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to Diffie Hellman in the Python Track

Published at Jun 20 2021 · 0 comments
Test suite

Diffie-Hellman key exchange.

Alice and Bob use Diffie-Hellman key exchange to share secrets. They start with prime numbers, pick private keys, generate and share public keys, and then generate a shared secret key.

Step 0

The test program supplies prime numbers p and g.

Step 1

Alice picks a private key, a, greater than 1 and less than p. Bob does the same to pick a private key b.

Step 2

Alice calculates a public key A.

A = g**a mod p

Using the same p and g, Bob similarly calculates a public key B from his private key b.

Step 3

Alice and Bob exchange public keys. Alice calculates secret key s.

s = B**a mod p

Bob calculates

s = A**b mod p

The calculations produce the same result! Alice and Bob now share secret s.

Should I use random or secrets?

Python, as of version 3.6, includes two different random modules.

The module called random is pseudo-random, meaning it does not generate true randomness, but follows an algorithm that simulates randomness. Since random numbers are generated through a known algorithm, they are not truly random.

The random module is not correctly suited for cryptography and should not be used, precisely because it is pseudo-random.

For this reason, in version 3.6, Python introduced the secrets module, which generates cryptographically strong random numbers that provide the greater security required for cryptography.

Since this is only an exercise, random is fine to use, but note that it would be very insecure if actually used for cryptography.

Exception messages

Sometimes it is necessary to raise an exception. When you do this, you should include a meaningful error message to indicate what the source of the error is. This makes your code more readable and helps significantly with debugging. Not every exercise will require you to raise an exception, but for those that do, the tests will only pass if you include a message.

To raise a message with an exception, just write it as an argument to the exception type. For example, instead of raise Exception, you should write:

raise Exception("Meaningful message indicating the source of the error")

Running the tests

To run the tests, run pytest diffie_hellman_test.py

Alternatively, you can tell Python to run the pytest module: python -m pytest diffie_hellman_test.py

Common pytest options

  • -v : enable verbose output
  • -x : stop running tests on first failure
  • --ff : run failures from previous test before running other test cases

For other options, see python -m pytest -h

Submitting Exercises

Note that, when trying to submit an exercise, make sure the solution is in the $EXERCISM_WORKSPACE/python/diffie-hellman directory.

You can find your Exercism workspace by running exercism debug and looking for the line that starts with Workspace.

For more detailed information about running tests, code style and linting, please see Running the Tests.


Wikipedia, 1024 bit key from www.cryptopp.com/wiki. http://en.wikipedia.org/wiki/Diffie%E2%80%93Hellman_key_exchange

Submitting Incomplete Solutions

It's possible to submit an incomplete solution so you can see how others have completed the exercise.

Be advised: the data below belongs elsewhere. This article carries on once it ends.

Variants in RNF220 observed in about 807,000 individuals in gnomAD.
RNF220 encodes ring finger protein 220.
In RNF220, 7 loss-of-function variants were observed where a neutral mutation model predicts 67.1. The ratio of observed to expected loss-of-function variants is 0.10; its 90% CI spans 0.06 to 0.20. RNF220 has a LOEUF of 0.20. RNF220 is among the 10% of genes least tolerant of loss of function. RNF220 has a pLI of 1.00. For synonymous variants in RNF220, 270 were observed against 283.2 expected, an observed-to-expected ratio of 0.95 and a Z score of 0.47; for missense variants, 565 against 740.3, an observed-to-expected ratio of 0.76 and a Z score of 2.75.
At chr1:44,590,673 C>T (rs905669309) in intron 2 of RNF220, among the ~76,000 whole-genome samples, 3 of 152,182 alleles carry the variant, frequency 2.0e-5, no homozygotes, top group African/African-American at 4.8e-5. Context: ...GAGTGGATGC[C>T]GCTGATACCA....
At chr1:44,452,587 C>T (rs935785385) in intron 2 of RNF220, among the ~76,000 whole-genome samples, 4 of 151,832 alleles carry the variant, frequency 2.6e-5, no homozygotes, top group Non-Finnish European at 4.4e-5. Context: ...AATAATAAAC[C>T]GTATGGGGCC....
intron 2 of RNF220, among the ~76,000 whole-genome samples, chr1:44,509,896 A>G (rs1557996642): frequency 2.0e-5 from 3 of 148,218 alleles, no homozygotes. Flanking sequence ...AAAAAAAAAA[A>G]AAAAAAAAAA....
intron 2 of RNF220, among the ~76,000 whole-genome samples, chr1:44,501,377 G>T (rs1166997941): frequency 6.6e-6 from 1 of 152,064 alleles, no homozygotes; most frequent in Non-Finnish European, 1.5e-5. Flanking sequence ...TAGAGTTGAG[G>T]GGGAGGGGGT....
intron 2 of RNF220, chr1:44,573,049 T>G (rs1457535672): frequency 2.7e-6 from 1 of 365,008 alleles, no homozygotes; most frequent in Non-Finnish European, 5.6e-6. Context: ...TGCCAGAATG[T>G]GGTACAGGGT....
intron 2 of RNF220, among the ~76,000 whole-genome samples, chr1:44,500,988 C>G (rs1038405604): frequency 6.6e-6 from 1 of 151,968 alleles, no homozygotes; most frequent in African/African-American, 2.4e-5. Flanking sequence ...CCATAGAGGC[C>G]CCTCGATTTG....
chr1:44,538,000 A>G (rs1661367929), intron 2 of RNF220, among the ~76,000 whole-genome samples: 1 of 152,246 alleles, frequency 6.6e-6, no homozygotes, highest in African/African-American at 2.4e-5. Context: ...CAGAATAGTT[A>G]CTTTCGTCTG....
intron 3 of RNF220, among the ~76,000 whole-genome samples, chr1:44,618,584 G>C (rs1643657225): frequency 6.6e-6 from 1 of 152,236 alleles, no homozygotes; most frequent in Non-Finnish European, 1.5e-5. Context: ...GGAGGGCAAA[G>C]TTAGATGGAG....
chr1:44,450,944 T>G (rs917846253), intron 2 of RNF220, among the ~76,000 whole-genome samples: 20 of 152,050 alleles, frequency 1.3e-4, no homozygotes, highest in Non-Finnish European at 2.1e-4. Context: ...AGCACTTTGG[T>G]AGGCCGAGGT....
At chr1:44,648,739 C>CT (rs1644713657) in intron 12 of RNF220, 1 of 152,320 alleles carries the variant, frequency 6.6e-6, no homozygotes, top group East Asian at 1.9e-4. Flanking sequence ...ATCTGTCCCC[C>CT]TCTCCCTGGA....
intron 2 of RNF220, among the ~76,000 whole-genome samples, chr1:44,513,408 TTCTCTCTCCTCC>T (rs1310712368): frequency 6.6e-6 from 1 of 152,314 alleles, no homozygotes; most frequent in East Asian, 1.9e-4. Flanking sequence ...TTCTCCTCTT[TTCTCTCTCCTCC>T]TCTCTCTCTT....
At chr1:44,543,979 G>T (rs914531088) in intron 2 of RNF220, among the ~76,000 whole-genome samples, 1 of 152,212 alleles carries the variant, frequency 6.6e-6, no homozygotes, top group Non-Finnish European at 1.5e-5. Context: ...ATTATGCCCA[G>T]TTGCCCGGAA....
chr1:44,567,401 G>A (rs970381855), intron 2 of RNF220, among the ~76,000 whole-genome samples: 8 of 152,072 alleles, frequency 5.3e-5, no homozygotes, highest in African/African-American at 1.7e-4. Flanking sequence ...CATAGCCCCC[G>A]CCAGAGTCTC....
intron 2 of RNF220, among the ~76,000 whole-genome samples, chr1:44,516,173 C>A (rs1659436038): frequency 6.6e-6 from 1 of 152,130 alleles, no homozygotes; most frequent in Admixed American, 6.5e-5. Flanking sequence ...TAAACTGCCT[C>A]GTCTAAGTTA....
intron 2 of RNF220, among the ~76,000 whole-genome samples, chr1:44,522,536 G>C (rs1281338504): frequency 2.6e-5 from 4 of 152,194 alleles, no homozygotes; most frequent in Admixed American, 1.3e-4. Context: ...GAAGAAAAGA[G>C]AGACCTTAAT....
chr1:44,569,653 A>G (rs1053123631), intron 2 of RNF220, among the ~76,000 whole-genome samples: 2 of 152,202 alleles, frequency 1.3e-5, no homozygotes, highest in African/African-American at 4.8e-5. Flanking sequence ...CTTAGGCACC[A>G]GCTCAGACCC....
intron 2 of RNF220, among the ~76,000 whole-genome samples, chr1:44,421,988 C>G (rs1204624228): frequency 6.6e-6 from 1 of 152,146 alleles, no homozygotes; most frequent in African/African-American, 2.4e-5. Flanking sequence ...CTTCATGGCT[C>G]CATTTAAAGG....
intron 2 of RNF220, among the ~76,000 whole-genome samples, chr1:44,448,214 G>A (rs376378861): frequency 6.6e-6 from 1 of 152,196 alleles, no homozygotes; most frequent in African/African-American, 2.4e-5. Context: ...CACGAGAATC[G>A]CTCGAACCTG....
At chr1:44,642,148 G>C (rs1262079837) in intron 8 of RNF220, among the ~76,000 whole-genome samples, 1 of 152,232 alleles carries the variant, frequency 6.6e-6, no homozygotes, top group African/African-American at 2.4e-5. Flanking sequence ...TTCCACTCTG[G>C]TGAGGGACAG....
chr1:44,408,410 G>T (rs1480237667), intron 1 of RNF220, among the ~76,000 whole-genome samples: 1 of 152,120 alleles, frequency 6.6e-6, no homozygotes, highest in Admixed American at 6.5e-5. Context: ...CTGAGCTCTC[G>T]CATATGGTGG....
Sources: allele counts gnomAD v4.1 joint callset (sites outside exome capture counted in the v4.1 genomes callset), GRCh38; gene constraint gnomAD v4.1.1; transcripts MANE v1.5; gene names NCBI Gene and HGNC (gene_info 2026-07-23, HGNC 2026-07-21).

import unittest

from diffie_hellman import private_key, public_key, secret

# Tests adapted from `problem-specifications//canonical-data.json`

class DiffieHellmanTest(unittest.TestCase):
    def test_private_key_is_greater_than_1_and_less_than_p(self):
        primes = [5, 7, 11, 13, 17, 19, 23, 29, 31, 37, 41, 43, 47]
        for p in primes:
            self.assertTrue(1 < private_key(p) < p)

    def test_private_key_is_random(self):
        Can fail due to randomness, but most likely will not,
        due to pseudo-randomness and the large number chosen
        p = 2147483647
        private_keys = [private_key(p) for _ in range(5)]
        self.assertEqual(len(set(private_keys)), len(private_keys))

    def test_can_calculate_public_key_using_private_key(self):
        p = 23
        g = 5
        private_key = 6
        self.assertEqual(8, public_key(p, g, private_key))

    def test_can_calculate_secret_using_other_party_s_public_key(self):
        p = 23
        their_public_key = 19
        my_private_key = 6
        self.assertEqual(2, secret(p, their_public_key, my_private_key))

    def test_key_exchange(self):
        p = 23
        g = 5
        alice_private_key = private_key(p)
        bob_private_key = private_key(p)
        alice_public_key = public_key(p, g, alice_private_key)
        bob_public_key = public_key(p, g, bob_private_key)
        secret_a = secret(p, bob_public_key, alice_private_key)
        secret_b = secret(p, alice_public_key, bob_private_key)
        self.assertTrue(secret_a == secret_b)

if __name__ == "__main__":
import random

def private_key(p):
    return random.randint(2, p-1)

def public_key(p, g, private):
    return (g ** private) % p

def secret(p, public, private):
    return (public ** private) % p

What can you learn from this solution?

A huge amount can be learned from reading other peopleโ€™s code. This is why we wanted to give exercism users the option of making their solutions public.

Here are some questions to help you reflect on this solution and learn the most from it.

  • What compromises have been made?
  • Are there new concepts here that you could read more about to improve your understanding?